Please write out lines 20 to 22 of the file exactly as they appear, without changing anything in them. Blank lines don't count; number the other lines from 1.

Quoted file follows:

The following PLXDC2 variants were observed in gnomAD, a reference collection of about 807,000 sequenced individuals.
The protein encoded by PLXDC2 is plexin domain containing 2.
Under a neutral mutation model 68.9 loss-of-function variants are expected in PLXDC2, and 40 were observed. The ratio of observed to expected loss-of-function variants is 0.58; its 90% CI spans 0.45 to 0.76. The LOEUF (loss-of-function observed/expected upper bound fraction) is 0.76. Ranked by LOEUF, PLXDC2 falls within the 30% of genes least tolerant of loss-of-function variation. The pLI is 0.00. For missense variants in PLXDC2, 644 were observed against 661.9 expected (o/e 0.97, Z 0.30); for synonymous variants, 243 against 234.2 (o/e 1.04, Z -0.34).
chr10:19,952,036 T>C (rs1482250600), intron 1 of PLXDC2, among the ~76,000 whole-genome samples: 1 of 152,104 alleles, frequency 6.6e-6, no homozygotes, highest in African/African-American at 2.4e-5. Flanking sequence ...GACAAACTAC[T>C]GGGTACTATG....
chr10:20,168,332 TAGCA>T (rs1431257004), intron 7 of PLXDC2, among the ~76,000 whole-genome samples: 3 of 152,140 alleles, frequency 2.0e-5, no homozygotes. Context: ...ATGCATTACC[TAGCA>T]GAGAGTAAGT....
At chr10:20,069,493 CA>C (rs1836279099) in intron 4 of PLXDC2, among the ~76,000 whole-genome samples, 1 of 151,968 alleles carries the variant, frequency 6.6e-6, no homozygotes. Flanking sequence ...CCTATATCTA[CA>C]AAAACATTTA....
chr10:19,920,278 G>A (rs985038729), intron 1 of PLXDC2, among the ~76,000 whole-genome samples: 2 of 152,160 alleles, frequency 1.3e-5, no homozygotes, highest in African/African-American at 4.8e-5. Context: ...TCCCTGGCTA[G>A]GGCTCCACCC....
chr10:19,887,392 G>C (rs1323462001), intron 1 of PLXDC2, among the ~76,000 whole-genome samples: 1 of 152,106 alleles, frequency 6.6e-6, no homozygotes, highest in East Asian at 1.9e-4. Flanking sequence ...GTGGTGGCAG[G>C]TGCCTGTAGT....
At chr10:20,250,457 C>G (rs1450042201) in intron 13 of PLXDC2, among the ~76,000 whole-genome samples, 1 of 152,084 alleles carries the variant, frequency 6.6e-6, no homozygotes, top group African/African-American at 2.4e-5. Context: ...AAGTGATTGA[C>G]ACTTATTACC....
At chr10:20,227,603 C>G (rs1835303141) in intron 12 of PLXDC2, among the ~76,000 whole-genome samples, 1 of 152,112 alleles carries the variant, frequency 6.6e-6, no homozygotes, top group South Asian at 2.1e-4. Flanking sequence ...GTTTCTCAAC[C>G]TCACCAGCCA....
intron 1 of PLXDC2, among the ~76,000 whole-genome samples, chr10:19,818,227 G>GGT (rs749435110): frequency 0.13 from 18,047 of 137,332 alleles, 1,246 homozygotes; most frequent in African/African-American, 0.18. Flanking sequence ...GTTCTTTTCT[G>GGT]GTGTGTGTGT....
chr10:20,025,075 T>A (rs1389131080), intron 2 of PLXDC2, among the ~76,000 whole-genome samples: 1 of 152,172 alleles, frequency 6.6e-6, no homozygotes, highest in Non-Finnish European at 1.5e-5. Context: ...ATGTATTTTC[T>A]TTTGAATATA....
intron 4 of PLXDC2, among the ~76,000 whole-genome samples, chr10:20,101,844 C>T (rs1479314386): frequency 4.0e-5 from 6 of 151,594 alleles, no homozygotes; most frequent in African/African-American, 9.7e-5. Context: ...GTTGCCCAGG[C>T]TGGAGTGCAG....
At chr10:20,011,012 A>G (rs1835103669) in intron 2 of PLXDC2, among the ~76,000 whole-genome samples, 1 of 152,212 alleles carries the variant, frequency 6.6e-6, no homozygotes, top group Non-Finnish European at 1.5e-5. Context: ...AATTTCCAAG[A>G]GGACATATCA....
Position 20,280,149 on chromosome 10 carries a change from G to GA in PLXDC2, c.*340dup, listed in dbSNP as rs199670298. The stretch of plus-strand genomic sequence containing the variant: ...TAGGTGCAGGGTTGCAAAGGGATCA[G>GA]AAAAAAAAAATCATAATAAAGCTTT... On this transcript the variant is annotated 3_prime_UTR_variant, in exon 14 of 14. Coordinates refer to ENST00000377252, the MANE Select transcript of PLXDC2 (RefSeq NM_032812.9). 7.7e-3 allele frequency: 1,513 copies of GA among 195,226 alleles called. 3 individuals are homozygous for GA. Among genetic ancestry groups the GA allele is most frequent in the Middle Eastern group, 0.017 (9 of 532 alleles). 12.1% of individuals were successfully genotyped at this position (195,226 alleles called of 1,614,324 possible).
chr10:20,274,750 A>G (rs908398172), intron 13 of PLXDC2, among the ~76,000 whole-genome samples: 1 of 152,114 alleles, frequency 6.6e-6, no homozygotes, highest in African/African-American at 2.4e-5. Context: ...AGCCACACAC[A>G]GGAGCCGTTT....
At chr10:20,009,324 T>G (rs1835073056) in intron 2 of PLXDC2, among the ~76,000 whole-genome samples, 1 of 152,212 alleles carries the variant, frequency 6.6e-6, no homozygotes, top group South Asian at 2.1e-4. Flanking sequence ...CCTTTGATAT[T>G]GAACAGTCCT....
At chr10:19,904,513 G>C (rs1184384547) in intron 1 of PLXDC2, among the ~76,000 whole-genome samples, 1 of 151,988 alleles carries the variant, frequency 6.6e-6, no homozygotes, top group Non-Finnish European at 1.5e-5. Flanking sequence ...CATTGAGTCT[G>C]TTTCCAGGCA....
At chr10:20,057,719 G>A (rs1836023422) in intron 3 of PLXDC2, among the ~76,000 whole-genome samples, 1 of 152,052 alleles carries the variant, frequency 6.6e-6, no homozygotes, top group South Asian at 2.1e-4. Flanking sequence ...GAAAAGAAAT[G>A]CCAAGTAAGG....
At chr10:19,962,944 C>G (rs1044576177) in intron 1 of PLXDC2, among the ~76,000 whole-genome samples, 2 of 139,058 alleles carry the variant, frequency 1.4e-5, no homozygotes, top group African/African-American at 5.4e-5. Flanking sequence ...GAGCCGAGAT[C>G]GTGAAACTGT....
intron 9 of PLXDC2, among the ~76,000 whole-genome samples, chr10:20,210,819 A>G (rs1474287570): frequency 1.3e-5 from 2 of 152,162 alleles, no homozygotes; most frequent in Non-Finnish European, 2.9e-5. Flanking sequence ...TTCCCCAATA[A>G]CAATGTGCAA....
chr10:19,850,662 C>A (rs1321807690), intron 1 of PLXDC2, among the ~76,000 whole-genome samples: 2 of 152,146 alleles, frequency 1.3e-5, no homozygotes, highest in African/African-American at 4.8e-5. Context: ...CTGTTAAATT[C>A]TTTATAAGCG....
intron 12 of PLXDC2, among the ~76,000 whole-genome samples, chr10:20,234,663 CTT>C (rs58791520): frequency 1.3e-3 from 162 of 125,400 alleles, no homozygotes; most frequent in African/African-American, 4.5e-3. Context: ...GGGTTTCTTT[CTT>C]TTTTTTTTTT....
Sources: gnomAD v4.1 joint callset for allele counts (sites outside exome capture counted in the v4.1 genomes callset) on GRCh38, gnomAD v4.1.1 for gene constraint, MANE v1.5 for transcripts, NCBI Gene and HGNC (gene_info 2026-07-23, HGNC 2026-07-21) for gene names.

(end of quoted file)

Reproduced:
At chr10:19,962,944 C>G (rs1044576177) in intron 1 of PLXDC2, among the ~76,000 whole-genome samples, 2 of 139,058 alleles carry the variant, frequency 1.4e-5, no homozygotes, top group African/African-American at 5.4e-5. Flanking sequence ...GAGCCGAGAT[C>G]GTGAAACTGT....
intron 9 of PLXDC2, among the ~76,000 whole-genome samples, chr10:20,210,819 A>G (rs1474287570): frequency 1.3e-5 from 2 of 152,162 alleles, no homozygotes; most frequent in Non-Finnish European, 2.9e-5. Flanking sequence ...TTCCCCAATA[A>G]CAATGTGCAA....
chr10:19,850,662 C>A (rs1321807690), intron 1 of PLXDC2, among the ~76,000 whole-genome samples: 2 of 152,146 alleles, frequency 1.3e-5, no homozygotes, highest in African/African-American at 4.8e-5. Context: ...CTGTTAAATT[C>A]TTTATAAGCG....